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nicholas bonham-carter

nicholas bonham-carter

Joined on November 24, 2007

Last Post on July 24, 2014

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Old chapel

@ July 24, 2014 5:49 AM in Cemetery chapel improvements

The existing system is a Dunham vapor, with a leaking, mis-piped Bryant (Dunkirk?) boiler. I may even do a little vacuumizing with it.
Interesting that you mention Cleveland, because there is the beautiful Wade chapel there. Someone from Cleveland was telling me how beautiful it was, and then when he saw our chapel; said ours is more beautiful!
As this is a part time project, we have been first stopping all the leaks into the basement and crypt, and completing other deferred maintenance, before replacing the boiler.
A City-Multi Mitsubishi could handle the cooling.
Like any historic project, you make a list at the beginning, and as you cross off some jobs at the top, you discover more jobs popping up on the bottom!--NBC

This publicity should help

@ July 23, 2014 2:19 PM in Cemetery chapel improvements

The steam rejuvenation is still on hold, but hopefully will get to a couple of ounces this winter.
My son was married there this weekend-NBC

no steam-no oil

@ July 20, 2014 4:47 PM in Advice needed on heating system install

why is it you are rejecting steam? when steam systems were being regularly installed, they were sometimes regarded as superior to gravity hot water, because of their efficiency. those old systems were quiet, even, and economical.--NBC

Buried in a 10 year old thread.

@ July 15, 2014 7:23 AM in Steam heat and Programmable Thermostats, good idea?

Why not start a new thread for your question in the steam section, stating the type of system you have, what you wish to do, and any symptoms you encounter.
We really don't know if you have resistance heat, or steam, and is it a barn or an old hotel?--NBC

Unknown pipe length

@ July 15, 2014 7:19 AM in How Long

Can you put a funnel on one side, and then fill the pipe with a 5 gallon bucket, to find its volume?
Then it should be a simple matter to determine its length.
Figuring out its depth underground before it enters the lake, would prevent freeze ups in winter as well.--NBC

what a good idea

@ July 12, 2014 12:20 AM in Suggestions for new forum

Maybe they will go over to those unreadable, distorted letters and numbers!!!!--NBC

May not work

@ July 9, 2014 10:58 AM in What do you think of this new product?

Unlike English toilets, our domestic varieties have a separate passage (I believe) up to the ball-cock in the tank, which allows the trap to fill after a flush.
I am sure this will prevent any pressure from being applied to the blockage. Most of the time it is the suction stroke which pulls the debris up enough to loosen it.
This device follows the arrangement of a well-known English practical joke, wherein some clear plastic sandwich wrap is stretched across the porcelain bowl. The next user is in for an unpleasant surprise.--NBC

Choosing a replacement boiler

@ July 9, 2014 7:56 AM in Old Vaillant boiler info needed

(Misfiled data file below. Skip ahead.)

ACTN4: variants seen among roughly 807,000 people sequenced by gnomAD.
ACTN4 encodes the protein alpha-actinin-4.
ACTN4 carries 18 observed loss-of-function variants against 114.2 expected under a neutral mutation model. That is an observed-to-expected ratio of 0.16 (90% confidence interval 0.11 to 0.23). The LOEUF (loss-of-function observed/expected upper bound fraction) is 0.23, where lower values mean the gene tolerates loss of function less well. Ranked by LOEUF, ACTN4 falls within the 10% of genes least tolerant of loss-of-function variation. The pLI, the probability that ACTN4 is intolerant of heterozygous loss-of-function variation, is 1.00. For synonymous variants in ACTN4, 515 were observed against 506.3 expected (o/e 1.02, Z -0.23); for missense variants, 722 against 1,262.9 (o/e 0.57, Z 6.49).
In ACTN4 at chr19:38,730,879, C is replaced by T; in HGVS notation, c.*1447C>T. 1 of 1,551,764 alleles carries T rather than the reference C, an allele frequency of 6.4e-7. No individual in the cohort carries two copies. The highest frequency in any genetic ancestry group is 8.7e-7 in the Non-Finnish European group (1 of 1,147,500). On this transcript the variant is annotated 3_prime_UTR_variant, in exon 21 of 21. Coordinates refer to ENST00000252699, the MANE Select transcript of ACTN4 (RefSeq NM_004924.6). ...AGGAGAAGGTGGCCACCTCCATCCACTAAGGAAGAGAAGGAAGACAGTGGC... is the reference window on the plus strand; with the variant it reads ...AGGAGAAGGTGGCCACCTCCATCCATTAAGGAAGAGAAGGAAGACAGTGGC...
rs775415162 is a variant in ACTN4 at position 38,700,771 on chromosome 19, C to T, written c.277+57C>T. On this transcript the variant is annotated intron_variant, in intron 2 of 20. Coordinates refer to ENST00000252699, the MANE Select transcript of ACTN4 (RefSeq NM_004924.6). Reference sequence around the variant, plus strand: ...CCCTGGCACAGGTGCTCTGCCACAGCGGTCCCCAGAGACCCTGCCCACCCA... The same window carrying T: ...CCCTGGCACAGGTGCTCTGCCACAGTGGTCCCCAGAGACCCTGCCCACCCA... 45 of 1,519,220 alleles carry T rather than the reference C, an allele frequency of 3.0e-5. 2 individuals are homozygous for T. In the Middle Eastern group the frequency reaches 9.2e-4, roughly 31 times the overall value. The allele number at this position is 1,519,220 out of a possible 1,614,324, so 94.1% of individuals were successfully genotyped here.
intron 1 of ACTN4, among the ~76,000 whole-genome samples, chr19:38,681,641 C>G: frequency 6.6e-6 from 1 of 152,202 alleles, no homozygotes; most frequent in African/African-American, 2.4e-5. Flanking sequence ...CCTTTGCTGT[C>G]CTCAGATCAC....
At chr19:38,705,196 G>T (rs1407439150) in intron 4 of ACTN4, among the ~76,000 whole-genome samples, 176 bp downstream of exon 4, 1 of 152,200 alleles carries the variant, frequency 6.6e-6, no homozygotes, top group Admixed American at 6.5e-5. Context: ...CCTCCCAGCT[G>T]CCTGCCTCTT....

Remember to follow the proper procedures for sizing the replacement water/steam boiler, and not merely go off the old specifications!--NBC

Repair or replace

@ July 5, 2014 5:44 AM in Can this boiler leak be fixed? (homeowner w/ pictures)

Replacement is the lowest hanging fruit you will find in this. The new boiler, whether it be cast iron, or mod con must be chosen for its ability to keep up with the heat loss of the building, so use the SlantFin software to calculate that.
Use the find a contractor button here to find an expert in your state, and compare his heat loss calculation with your own. Check his references for such installations.
Do a search here for gravity systems, and read the various post on the adaption of new boilers to old systems. Many manufacturers will provide recommended piping diagrams for gravity system installation.
We do not discuss pricing here as the costs vary state by state.--NBC

Boiler replacement

@ July 3, 2014 10:16 AM in Replace the header or supply it.

It would be wise to do a survey of the radiators to check on the sizing of the new boiler, since the old one may have been incorrect.
The manufacturer's piping instructions should be followed at a minimum. A drop header will solve many problems of installing and running, especially with a large header, and both risers being used.
If there are 2 mains, then pipe a separate takeoff from the header for each.
Pictures of the current setup would be very helpful.--NBC
I think I now understand your exact question, so let's definitely see some pictures.

Dan's newsletter

@ July 3, 2014 5:23 AM in Dan's newsletter

This article seems to have some logical black holes

It seems to recognize the benefits of radiant heating, but uses the less efficient (and green) form of electric radiant, compensating for that by trying to direct the radiant towards the occupants.
I think it a fallacy to blame energy waste on heating momentarily unoccupied spaces, when the real culprit is heating badly insulated spaces.--NBC

Atmospheric boiler

@ July 2, 2014 11:21 AM in New gas boiler sizing

Have a look at the Lochinvar Solution, which has an outdoor reset option (may not be useful with your amount of baseboards).
It is a lightweight copper heat exchanger, 2-stage gas valve atmospheric, which will not break the bank, or your back carrying it downstairs.--NBC

Switching to gas

@ July 1, 2014 9:28 AM in New gas boiler sizing